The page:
Thomas Byrne: ‘I thought I was going to be killed’
Former solicitor tells court of being brought into a walk-in freezer and given €10,000 and a hug
Former solicitor Thomas Byrne (47) arriving at Dublin Circuit Criminal Court today to give evidence in his own trial. Photograph: Collins Courts
Former solicitor Thomas Byrne feared he was “going to be killed” in the days before his Dublin practice was closed down in 2007.
Giving evidence at his trial this morning, Mr Byrne said that when he learned that a colleague was going to report him to the Law Society, he agreed to meet a woman at a Centra in Rathmines.
There, she brought him into a walk-in freezer at the back of the shop. “I thought I was going to be killed. I really did,” he told the court.
Instead, the woman - a relative of a business associate - handed Mr Byrne €10,000 in cash and gave him a hug. He said he then took a ferry to Holyhead and drove to London.
Mr Byrne (47), of Walkinstown Road, Crumlin, Dublin, is accused of theft and fraud offences totalling €51.8 million. The charges allege he transferred clients’ homes into his name and then used them as collateral for property loans.
He has pleaded not guilty at Dublin Circuit Criminal Court to 50 counts of theft, forgery, using forged documents and deception between 2004 and 2007.
Mr Byrne told he court he was “terrified” about what could happen to him, but he was in court “to face the music”.
Mr Byrne said he had to acquire properties and borrow large amounts of money because he was under pressure to make payments of up to €450,000 per week into an account belonging to a client and business associate, John Kelly.
Mr Kelly did not have an income of his own, and “essentially groomed” Mr Byrne to borrow on his behalf.
Mr Byrne said the financial pressure Mr Kelly put on him were “so vast” that he started drinking heavily, took tablets and “had to see psychiatric people”.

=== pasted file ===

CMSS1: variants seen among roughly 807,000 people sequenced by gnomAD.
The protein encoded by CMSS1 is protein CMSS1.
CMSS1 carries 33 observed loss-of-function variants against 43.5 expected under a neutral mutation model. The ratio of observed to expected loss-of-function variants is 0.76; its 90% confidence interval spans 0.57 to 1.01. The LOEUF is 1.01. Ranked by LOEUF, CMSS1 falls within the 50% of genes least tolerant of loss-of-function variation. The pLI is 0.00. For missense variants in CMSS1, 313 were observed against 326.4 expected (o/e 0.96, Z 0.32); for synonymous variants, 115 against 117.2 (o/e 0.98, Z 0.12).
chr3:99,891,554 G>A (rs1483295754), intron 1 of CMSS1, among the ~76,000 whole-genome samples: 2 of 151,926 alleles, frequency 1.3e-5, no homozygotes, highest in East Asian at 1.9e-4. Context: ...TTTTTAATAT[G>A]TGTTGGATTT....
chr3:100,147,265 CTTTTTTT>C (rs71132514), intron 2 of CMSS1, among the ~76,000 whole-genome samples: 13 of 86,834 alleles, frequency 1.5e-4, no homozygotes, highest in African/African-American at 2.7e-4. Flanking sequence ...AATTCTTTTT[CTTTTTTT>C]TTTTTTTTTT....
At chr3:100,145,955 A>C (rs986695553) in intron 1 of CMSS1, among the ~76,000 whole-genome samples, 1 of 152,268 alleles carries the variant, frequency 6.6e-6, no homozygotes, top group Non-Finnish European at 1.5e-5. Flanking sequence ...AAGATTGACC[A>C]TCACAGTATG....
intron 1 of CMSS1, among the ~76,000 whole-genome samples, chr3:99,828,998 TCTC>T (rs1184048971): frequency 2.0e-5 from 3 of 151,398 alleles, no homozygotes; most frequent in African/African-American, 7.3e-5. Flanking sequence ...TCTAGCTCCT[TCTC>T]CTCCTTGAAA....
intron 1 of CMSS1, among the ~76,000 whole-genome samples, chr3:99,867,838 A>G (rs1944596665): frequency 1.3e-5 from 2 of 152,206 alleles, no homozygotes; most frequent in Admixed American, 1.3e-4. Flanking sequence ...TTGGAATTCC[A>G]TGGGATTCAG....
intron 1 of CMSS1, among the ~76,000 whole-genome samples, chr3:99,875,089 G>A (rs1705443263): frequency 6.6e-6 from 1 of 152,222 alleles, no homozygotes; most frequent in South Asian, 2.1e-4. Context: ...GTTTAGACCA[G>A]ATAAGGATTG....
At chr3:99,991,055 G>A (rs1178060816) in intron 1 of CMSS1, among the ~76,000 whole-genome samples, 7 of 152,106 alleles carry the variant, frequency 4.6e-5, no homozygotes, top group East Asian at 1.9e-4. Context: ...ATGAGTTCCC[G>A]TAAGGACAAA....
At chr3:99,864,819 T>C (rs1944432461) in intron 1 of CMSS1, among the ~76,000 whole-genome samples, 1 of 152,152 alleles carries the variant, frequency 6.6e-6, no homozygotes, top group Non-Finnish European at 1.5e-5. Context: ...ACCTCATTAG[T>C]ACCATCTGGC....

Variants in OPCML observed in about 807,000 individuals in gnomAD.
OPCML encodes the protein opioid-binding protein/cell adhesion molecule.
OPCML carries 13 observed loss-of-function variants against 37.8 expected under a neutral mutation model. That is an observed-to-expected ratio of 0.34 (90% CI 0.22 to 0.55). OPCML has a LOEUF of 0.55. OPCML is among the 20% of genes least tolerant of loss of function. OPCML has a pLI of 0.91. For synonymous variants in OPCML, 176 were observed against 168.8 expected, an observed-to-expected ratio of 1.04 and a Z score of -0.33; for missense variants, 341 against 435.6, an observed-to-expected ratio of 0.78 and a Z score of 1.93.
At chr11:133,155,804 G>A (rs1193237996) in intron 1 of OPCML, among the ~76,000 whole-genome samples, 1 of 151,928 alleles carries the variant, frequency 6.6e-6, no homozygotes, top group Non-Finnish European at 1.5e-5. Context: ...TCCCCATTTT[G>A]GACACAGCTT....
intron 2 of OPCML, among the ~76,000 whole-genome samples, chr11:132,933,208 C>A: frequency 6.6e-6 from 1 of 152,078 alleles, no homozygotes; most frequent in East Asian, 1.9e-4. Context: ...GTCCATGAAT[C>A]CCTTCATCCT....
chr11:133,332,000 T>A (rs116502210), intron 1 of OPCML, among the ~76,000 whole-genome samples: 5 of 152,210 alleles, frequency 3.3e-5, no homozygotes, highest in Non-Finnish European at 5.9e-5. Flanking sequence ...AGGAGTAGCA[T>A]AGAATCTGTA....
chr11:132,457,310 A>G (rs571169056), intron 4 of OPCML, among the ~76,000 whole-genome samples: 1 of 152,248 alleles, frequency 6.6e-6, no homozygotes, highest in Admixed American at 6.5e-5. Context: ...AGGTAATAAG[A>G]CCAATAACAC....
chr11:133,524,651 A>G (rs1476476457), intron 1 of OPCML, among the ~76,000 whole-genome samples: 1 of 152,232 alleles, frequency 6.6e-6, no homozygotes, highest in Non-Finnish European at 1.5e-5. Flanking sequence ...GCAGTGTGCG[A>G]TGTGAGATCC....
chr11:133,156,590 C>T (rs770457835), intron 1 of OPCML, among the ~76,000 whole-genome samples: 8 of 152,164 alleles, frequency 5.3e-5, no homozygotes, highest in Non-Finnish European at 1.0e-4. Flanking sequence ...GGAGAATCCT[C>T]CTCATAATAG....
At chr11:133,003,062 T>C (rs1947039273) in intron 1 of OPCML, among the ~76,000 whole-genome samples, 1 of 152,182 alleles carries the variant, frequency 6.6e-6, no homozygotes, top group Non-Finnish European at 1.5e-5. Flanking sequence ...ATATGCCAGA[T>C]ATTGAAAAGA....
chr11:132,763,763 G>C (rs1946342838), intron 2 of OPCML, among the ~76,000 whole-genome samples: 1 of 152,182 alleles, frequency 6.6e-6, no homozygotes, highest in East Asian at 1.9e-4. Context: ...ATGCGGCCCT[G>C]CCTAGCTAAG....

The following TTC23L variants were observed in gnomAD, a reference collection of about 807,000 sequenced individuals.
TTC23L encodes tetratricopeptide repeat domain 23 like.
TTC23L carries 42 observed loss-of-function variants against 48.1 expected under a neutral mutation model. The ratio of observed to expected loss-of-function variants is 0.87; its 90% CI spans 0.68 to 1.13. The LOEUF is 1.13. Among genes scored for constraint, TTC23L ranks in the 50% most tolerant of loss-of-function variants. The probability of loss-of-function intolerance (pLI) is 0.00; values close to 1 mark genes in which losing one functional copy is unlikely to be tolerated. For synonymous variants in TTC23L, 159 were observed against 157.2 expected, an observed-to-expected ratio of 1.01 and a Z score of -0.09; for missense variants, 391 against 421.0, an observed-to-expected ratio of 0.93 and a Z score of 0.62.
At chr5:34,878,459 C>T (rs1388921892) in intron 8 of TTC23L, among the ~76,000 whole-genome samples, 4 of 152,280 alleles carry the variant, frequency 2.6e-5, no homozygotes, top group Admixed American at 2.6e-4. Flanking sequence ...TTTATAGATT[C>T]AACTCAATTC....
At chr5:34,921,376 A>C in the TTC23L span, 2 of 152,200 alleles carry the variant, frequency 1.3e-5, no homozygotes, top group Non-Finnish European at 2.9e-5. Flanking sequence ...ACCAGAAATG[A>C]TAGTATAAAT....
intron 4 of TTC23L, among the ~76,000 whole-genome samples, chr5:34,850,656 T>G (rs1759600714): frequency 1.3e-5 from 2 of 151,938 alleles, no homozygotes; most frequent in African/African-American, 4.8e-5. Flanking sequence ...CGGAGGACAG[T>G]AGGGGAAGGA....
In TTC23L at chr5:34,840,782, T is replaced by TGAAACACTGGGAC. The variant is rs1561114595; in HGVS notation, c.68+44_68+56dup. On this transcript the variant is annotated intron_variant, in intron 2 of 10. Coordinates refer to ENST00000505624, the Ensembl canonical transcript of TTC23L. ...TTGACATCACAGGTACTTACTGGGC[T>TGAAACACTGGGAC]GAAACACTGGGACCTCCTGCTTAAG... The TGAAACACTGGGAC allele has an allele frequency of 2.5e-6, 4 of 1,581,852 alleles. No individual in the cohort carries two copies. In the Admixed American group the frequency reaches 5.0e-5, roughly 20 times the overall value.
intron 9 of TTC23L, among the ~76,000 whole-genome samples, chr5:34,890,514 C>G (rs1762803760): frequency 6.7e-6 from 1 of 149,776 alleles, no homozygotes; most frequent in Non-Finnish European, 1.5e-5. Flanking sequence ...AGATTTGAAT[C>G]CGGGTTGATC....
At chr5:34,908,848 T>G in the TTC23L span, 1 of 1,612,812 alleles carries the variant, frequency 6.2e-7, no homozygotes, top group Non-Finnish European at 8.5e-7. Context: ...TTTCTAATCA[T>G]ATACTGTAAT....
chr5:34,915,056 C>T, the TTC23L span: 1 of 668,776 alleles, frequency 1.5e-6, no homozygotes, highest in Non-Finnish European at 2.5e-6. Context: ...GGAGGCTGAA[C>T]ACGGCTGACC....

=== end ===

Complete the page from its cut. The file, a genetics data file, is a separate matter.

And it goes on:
“I started to become afraid of him,” Mr Byrne said. “He indicated his brother was involved with people up the north, as he put it. He was quite aggressive.”
“He would come into the office and say he needed this much money today or tomorrow.”
Mr Byrne said the banks “absolutely loved” Mr Kelly, but he could not fulfill their criteria for lending as he did not have an income or tax clearance certificates.
“I was the perfect candidate for him to introduce to the banks,” he said.
The former solicitor said Mr Kelly organised a number of social events. Former minister for justice Michael McDowell attended one, as did former tanaiste Mary Harney. Mr Byrne said he was asked to make a donation to the Labour Party.
“Mr Kelly made it his business to appear to be a mover and shaker in the Irish economy. For a period of time, he succeeded in creating that impression,” Mr Byrne told the court.
The prosecution finished its case yesterday after 16 days of evidence.
The final prosecution witness was Det Sgt Paschal Walsh who headed the investigation into Mr Byrne after the Law Society shut down his practice in October 2007.
Det Sgt Walsh agreed with Damian Colgan SC, defending, that he also investigated Mr Byrne’s business partner and property developer, John Kelly.
Det Sgt Walsh said the “vast majority” of the criminal complaints were against Mr Byrne but that two complaints were against Mr Kelly.
He confirmed that Mr Kelly was not before the courts on any charges.
Det Sgt Walsh said the files showed Mr Byrne’s practice had 900 client accounts, 97 of which were in the name of Mr Kelly.
The trial continues before Judge Patrick McCartan and a jury of seven men and five women.